Charlaine Harris is back with her second novel in the Sookie Stackhouse series entitled Living Dead in Dallas. The book begins soon after the first Sookie book Dead Until Dark, with Sookie waitressing at Merlotte’s just as she always has with Bill by her side as her vampire boyfriend. There is one difference however: Merlotte’s has a new addition to its parking lot in the form of the dead corpse of Lafayette, one of the cooks from Merlotte’s.
The plot moves quickly right from the start, as Sookie tries to solve the murder of Lafayette and keep control of her life as she becomes more and more involved with the vampires. She has had some recent changes to her life since the previous book, including increased vampire interest in her “disability” or “talent” as she often refers to her mind-reading abilities. Now that they are aware of the implications of having a human with such skills, they call on her to use her abilities to their benefit instead of resulting to typical violent vampire methods of interrogation. Sookie is summoned to Dallas to use these abilities, but before she can get there, she is attacked by a maenad known as Callisto. She is badly poisoned, and barely survives.
After recovering from her injuries, Sookie finally makes it to Dallas to try to find the missing “brother” of Dallas vampire Stan Davis. Through her investigation, Sookie is led to The Fellowship of the Sun, an anti-vampire church. Under the guise of being a new member, Sookie enters the church, although she is soon found out by the church’s leader, Steve Newlin. She is immediately imprisoned in the church’s basement, and both Bill and Eric are out of her reach. Will she survive the Fellowship’s fanatic quest to kill vampires and those who conspire with them? Will the maenad come back to finish the job?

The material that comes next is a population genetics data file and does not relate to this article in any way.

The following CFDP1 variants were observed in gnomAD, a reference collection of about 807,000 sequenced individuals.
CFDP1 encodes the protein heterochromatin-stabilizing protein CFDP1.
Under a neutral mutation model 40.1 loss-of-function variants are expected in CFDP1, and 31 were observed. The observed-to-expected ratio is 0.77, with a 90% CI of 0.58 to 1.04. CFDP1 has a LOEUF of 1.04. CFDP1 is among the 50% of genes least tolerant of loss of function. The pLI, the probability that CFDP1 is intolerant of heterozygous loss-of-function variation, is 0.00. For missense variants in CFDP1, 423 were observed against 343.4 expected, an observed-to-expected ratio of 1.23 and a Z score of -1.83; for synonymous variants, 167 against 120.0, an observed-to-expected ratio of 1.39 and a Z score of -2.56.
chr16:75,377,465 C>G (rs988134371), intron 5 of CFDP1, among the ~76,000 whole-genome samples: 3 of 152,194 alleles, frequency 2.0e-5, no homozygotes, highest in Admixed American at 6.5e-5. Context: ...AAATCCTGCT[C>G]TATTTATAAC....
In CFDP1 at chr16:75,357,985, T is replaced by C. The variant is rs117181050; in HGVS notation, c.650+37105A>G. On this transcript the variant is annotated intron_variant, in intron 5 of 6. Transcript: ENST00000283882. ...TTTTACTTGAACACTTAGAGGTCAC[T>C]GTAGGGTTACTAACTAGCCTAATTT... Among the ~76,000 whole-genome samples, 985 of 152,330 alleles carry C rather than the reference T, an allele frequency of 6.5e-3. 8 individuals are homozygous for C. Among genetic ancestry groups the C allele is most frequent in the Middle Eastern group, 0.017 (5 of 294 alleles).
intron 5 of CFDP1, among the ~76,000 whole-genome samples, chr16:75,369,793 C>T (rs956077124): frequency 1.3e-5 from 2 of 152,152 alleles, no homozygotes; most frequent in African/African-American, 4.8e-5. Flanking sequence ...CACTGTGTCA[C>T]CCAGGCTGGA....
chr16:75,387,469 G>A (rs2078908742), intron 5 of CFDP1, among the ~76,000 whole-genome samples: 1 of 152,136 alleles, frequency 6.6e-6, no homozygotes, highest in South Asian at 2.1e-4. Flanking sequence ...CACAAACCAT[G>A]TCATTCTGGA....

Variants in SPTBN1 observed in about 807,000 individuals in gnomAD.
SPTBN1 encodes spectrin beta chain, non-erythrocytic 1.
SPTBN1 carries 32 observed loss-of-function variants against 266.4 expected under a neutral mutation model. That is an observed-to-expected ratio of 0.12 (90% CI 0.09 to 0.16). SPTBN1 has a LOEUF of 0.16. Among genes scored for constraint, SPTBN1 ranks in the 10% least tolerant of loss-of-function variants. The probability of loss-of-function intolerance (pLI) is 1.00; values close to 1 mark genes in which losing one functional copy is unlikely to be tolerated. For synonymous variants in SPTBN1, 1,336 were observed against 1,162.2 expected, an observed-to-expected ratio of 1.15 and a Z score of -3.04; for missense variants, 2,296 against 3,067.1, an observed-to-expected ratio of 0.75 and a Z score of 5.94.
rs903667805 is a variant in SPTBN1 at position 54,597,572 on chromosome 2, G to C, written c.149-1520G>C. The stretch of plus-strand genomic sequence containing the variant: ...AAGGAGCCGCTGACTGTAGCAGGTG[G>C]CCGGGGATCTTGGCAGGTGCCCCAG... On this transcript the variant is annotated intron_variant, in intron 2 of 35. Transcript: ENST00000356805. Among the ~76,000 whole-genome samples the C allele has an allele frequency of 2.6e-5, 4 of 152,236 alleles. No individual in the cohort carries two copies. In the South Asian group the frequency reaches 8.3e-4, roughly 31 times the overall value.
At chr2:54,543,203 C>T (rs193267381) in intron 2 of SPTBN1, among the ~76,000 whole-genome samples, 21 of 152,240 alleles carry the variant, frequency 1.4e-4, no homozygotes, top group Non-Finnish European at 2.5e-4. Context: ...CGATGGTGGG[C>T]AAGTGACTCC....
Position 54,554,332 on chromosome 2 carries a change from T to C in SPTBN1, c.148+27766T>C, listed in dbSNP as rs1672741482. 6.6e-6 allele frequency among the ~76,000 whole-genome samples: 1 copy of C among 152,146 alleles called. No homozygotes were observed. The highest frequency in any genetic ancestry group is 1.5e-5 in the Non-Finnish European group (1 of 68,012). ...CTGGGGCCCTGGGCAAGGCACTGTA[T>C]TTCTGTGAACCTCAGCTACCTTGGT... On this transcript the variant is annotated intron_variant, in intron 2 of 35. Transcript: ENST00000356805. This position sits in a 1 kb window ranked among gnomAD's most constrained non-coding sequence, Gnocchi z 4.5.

I throughly enjoyed Harris’ work. Harris is quite adept at building suspense in the novel. As soon as the novel opens we’re engrossed in Sookie’s daily life, and follow her as her day becomes more and more hectic. Even though in the back of my mind I knew that she would survive the maenad attack, I was still extremely nervous when I read that chapter. Harris has a way of taking the action to the very edge, and bringing the reader back at the last second. As a counterpoint to that trait, Harris’ humor definitely shines through via Sookie’s thoughts and remarks about the craziness of her life. It was refreshing and funny to hear her takes on what was happening, and on more than one occasion it made me laugh out loud. All in all, I definitely give Harris a lot of credit for creating a world for Sookie that contains so many layered characters and different paths. If you haven’t given this series a try I suggest you do so. Off to book three!
4 out of 5 starsLiving Dead in Dallas by Charlaine Harris Penguin Group Incorporated (2002) Paperback 304 pages ISBN: 9780441009237